Grandma’s Christmas Goodies Tins

xmas tins The exchange of Christmas Goodies Tins is a family tradition. As my great-grandmother and grandmother had done before them, my mother and her sisters made baked goodies, peanut brittle and fudge every winter.  The goodies they made were stored in Christmas Goodies Tins and gifted to others during the holiday season. 

The tins were recycled and as the families grew  many kinds of tins were collected throughout the year to use as Christmas Goodies Tins.  We kids used to decorate the Christmas Goodies Tins decoupage style for the season. We used white glue to stick pictures from used Christmas wrapping paper and glossy magazines on the tins, and as we decorated our Christmas Goodie Tins we sang Christmas carols.

My father’s side of the family followed the same tradition and the Christmas Goodies Tins were exchanged during many holiday seasons, circulating throughout both sides of the families from year to year.  When I was twelve I greeted my younger cousins at the door, happily noticing they were both carrying Christmas Goodies Tins I had decorated years before.

If you are making this holiday season more personal by baking your own gourmet gifts from friends and family, here are two more recipes for your Christmas Goodies Tins.

Grandma’s Peanut Brittle


  • 2 cups sugar
  • 1 cup light corn syrup
  • 1/2 cup water
  • 1/2 tsp salt
  • 2 cups raw peanuts
  • 2 tablespoons butter
  • 1 tsp vanilla
  • 2 tsp baking soda


  1. Mix sugar, water, corn syrup in a saucepan, until the mix reaches soft ball stage (where a drip dropped in cold water forms a soft ball that can be flattened with the fingers… if you’re using a candy thermometer, boil it until it reaches 235 degrees).
  2. Add nuts, butter, and salt and continue to heat to 300 degrees.
  3. Remove from heat and add vanilla and baking soda,  while stirring quickly.
  4. Pour immediately onto a greased cookie sheet.
  5. Cool and break it up into pieces.
  6. Store in an airtight container like a Christmas Goodie Tin. 

Grandma’s Fudge


  • 397g can Carnation Condensed Milk
  • 150ml (5fl oz) milk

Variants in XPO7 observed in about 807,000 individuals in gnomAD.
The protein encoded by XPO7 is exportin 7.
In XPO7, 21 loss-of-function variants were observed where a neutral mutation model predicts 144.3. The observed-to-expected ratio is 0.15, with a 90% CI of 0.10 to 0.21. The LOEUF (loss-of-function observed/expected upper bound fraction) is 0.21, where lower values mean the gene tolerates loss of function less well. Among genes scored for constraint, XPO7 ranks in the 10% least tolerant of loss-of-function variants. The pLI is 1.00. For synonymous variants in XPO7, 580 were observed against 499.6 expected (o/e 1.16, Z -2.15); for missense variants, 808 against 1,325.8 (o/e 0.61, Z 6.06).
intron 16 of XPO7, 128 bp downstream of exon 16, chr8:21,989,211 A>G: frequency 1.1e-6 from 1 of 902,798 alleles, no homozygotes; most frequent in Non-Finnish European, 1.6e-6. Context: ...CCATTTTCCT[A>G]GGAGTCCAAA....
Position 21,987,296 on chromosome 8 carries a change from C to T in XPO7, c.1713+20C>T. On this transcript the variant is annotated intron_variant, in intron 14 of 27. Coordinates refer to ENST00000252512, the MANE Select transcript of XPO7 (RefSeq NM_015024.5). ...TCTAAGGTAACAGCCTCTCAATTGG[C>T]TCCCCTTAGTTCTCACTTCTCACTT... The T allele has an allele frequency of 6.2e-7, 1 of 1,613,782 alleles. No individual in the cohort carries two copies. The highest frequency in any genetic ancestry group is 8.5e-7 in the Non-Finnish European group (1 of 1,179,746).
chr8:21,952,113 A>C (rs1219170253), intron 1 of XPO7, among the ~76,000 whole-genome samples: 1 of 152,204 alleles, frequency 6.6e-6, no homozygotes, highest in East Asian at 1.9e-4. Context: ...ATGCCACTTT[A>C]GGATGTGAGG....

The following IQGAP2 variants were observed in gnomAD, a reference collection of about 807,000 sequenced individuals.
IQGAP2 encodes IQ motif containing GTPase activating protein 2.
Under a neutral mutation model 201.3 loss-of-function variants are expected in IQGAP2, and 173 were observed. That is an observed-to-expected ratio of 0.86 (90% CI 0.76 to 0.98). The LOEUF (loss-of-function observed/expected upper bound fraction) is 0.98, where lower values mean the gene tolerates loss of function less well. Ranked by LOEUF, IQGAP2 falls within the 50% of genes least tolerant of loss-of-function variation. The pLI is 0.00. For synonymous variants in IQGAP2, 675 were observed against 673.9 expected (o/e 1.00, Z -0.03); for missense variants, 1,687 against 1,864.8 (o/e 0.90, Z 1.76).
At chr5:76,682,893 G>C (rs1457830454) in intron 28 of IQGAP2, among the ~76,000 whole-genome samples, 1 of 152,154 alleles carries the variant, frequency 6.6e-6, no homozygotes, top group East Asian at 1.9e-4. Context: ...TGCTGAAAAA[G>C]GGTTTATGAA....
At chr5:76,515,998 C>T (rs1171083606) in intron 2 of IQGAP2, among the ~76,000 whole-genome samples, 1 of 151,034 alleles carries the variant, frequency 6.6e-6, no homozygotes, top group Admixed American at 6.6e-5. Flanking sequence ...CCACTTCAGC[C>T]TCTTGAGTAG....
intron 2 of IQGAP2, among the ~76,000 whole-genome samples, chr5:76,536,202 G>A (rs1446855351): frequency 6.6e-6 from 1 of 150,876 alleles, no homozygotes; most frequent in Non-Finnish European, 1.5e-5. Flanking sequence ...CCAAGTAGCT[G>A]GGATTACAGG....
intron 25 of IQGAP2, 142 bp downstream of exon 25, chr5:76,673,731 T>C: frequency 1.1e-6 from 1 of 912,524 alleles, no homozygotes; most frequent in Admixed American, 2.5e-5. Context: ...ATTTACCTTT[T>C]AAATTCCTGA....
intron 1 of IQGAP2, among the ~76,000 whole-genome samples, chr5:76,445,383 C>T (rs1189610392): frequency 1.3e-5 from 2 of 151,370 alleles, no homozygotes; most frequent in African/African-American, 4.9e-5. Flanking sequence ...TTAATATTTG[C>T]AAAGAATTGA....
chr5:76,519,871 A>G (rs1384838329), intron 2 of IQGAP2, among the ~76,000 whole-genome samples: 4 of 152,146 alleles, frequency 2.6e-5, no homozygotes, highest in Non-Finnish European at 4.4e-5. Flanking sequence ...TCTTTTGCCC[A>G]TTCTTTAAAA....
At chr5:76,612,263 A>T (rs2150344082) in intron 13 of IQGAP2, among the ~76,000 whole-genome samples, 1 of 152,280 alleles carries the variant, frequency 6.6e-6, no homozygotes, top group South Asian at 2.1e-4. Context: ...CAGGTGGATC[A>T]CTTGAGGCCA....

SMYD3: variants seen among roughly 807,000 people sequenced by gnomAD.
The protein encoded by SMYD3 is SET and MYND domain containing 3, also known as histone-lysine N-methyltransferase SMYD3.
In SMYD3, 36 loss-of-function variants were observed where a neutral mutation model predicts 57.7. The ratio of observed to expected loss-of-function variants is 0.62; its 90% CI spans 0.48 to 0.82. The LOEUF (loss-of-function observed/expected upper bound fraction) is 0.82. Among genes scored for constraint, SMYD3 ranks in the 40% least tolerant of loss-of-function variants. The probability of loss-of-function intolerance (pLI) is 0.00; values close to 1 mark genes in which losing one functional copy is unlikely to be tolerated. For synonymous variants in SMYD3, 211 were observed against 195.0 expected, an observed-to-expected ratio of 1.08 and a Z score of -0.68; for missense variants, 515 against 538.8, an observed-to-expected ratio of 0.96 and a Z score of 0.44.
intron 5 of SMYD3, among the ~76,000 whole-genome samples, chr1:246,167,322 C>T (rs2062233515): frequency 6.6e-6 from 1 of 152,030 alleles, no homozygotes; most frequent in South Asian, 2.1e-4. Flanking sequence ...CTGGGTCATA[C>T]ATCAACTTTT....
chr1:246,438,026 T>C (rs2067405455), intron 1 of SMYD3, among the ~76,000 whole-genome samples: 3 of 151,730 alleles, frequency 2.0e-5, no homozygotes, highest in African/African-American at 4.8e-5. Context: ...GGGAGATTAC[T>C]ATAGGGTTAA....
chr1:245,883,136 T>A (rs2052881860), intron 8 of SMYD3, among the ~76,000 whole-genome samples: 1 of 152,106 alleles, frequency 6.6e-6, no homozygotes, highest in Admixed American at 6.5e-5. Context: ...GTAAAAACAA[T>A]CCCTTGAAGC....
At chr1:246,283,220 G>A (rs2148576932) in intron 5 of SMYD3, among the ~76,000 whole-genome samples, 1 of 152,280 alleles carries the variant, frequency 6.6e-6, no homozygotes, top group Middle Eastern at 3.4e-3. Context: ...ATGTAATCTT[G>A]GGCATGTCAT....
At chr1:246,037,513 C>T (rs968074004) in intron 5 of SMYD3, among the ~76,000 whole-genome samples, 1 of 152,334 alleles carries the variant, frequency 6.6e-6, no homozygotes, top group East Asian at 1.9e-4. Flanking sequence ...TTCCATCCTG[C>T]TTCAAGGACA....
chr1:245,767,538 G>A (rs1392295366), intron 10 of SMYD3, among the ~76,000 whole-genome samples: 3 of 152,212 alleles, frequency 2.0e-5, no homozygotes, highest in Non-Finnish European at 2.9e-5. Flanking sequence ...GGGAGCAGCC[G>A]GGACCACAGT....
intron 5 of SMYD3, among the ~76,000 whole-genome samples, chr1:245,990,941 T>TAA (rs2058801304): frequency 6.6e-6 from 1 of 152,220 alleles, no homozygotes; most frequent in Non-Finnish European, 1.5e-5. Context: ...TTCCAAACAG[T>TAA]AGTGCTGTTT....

• 450g (1lb) Demerara sugar
  • 115g (4oz) butter

Add the following at the beating stage.

  • Rum and Raisin –  Stir in 2 tablespoons of dark rum along with 115g (4oz) of chopped raisins.
  • Fruit and Nut – Stir in 85g (3oz) of mixed dried fruit and chopped nuts.
  • Chocolate -Stir in 175g (6oz) of melted semi-sweet chocolate.


  1. Grease and base line an 18cm (7in) square tin with baking parchment.
  2. Gently heat all the ingredients in a large, non-stick saucepan, stirring until the sugar dissolves.
  3. Bring to the boil and simmer gently for 10-15 minutes, stirring continuously, until soft ball stage (where a drip dropped in cold water forms a soft ball that can be flattened with the fingers… if you’re using a candy thermometer, boil it until it reaches 235 degrees).
  4. Remove from the heat and beat until thick and grainy (8-10 minutes).
  5. Pour into the prepared tin and leave to cool.
  6. When cold, cut into squares.
  7. Store in an airtight container like a Christmas Goodie Tin.

Related holiday recipes:
Blackberry Bars and Chewy Bars
Mocha Shortbread Cookies
Holiday Eggnog and Eggnog Truffles
Three Cranberry Coffee Cake Recipes
Cranberry and White Chocolate Cookies
Fleur de sel carameles recipe

18 thoughts on “Grandma’s Christmas Goodies Tins

  1. Pingback: Homemade Greeting Cards | this time - this space

  2. Hi Jean,
    There is an amazing variety of tins in all shapes and sizes out there. We find them in charity shops and second hand stores. The one you describe is definitely a keeper. My partner has some unusual ones he has collected and I’ve been told not to gift them away. ;) Best wishes for a superb holiday season.

  3. Exchange of tins sounds like a great idea with home baked goodies.

    Some favourite tins that were originally used to package other things from store:
    a long tin that held an expensive bottle of whiskey
    a cookie tin from China where the tin top has a misspelled word of phoenix..instead it was: pheonix. It’s a real keeper!

    • Hi Cindy,
      I’m so glad you think homemade gifts are the best gifts to receive like I do. I enjoy your crafting ideas — you are so creative with recycled materials. Have a lovely holiday. :)

  4. What a lovely tradition, TT! Homemade gifts are always the most endearing and precious. A supervisor at my wife’s workplace does this every Christmas season, giving members of her staff little cakes and candies she herself made. I always manage to swipe a few goodies for myself.

    • Hi Marty,
      I also find anything anyone else makes for me to be special. You wouldn’t have to sneak any goodies if you were near to me. I’d definitely have you on my Christmas Goodie Tin list. Happy Holidays!

    • Hi there,
      It’s good to connect with you. Fudge is so easy too make and it keeps for a month in a sealed container. If you prefer you can freeze it and keep it even longer. Though I must say it sure disappears quickly once the lid is off the container. Merry Christmas!

    • The fudge is rich and creamy. You can make it creamer still by using half cream and half milk. If you were my beighbour you would get a Christmas Goodies Tin, a handmade card, and maybe a wreath or swag too.

  5. YUM! I recently heard of fudge with sweetened condensed milk! I love tins – and have a tub full of them. They are THE perfect container for Christmas Goodies!

    • Hi Ann,
      Aha! another person who is into Christmas Goodie Tins. I thought there would have to be others out there. Condensed milk makes the fudge very rich so I cut the pieces small.

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